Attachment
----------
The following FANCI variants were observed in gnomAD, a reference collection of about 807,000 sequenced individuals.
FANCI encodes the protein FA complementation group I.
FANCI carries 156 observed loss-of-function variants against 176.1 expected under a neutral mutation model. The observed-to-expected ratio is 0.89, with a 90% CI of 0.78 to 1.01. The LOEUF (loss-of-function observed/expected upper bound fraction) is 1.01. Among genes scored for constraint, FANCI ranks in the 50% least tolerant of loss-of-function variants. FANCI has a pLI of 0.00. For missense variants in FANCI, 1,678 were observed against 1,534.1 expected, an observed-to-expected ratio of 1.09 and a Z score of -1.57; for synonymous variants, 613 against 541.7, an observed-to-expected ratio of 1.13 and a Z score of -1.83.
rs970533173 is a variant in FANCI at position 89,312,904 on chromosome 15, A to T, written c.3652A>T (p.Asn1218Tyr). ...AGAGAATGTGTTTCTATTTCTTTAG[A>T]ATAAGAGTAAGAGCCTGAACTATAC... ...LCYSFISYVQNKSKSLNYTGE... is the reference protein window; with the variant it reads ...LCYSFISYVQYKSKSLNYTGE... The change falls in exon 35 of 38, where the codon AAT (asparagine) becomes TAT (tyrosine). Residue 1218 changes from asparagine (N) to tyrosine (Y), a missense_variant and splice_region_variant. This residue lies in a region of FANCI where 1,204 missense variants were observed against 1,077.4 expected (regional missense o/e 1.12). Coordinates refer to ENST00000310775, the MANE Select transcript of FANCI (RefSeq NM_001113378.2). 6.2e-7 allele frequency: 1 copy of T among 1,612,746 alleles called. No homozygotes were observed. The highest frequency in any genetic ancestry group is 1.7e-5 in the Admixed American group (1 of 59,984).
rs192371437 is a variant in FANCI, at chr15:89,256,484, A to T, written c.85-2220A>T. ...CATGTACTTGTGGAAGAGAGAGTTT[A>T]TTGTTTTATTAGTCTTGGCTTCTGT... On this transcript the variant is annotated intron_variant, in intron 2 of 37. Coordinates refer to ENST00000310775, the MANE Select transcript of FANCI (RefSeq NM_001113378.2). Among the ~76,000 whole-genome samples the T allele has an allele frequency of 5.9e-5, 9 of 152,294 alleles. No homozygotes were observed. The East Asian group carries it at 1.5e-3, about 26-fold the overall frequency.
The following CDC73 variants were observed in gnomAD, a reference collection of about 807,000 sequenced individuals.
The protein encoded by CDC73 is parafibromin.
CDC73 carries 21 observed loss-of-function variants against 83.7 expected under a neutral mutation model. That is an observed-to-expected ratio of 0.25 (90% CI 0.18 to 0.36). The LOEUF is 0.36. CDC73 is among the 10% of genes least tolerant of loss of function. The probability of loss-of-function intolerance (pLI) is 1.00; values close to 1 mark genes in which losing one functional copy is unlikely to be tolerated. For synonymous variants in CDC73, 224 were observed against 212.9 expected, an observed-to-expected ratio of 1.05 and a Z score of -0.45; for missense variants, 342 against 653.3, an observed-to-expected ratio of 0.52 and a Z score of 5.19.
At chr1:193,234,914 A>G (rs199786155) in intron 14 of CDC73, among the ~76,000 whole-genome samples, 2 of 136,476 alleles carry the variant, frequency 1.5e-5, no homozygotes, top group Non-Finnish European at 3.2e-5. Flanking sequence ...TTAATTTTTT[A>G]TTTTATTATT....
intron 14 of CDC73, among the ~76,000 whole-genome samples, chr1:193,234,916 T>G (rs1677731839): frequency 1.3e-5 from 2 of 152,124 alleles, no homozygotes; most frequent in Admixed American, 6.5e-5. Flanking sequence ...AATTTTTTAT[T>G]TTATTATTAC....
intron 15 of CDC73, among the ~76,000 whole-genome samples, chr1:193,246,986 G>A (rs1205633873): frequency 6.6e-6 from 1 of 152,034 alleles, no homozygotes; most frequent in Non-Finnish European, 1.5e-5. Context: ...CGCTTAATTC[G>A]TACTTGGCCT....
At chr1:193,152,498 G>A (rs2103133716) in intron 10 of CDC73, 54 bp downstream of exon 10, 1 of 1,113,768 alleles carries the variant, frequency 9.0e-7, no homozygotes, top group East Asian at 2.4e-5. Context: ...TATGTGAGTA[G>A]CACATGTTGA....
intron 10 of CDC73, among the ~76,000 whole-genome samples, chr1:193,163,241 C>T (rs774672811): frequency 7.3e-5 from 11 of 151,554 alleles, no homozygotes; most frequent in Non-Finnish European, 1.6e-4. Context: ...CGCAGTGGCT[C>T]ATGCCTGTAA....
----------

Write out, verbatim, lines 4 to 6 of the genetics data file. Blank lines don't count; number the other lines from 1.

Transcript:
rs970533173 is a variant in FANCI at position 89,312,904 on chromosome 15, A to T, written c.3652A>T (p.Asn1218Tyr). ...AGAGAATGTGTTTCTATTTCTTTAG[A>T]ATAAGAGTAAGAGCCTGAACTATAC... ...LCYSFISYVQNKSKSLNYTGE... is the reference protein window; with the variant it reads ...LCYSFISYVQYKSKSLNYTGE... The change falls in exon 35 of 38, where the codon AAT (asparagine) becomes TAT (tyrosine). Residue 1218 changes from asparagine (N) to tyrosine (Y), a missense_variant and splice_region_variant. This residue lies in a region of FANCI where 1,204 missense variants were observed against 1,077.4 expected (regional missense o/e 1.12). Coordinates refer to ENST00000310775, the MANE Select transcript of FANCI (RefSeq NM_001113378.2). 6.2e-7 allele frequency: 1 copy of T among 1,612,746 alleles called. No homozygotes were observed. The highest frequency in any genetic ancestry group is 1.7e-5 in the Admixed American group (1 of 59,984).
rs192371437 is a variant in FANCI, at chr15:89,256,484, A to T, written c.85-2220A>T. ...CATGTACTTGTGGAAGAGAGAGTTT[A>T]TTGTTTTATTAGTCTTGGCTTCTGT... On this transcript the variant is annotated intron_variant, in intron 2 of 37. Coordinates refer to ENST00000310775, the MANE Select transcript of FANCI (RefSeq NM_001113378.2). Among the ~76,000 whole-genome samples the T allele has an allele frequency of 5.9e-5, 9 of 152,294 alleles. No homozygotes were observed. The East Asian group carries it at 1.5e-3, about 26-fold the overall frequency.
The following CDC73 variants were observed in gnomAD, a reference collection of about 807,000 sequenced individuals.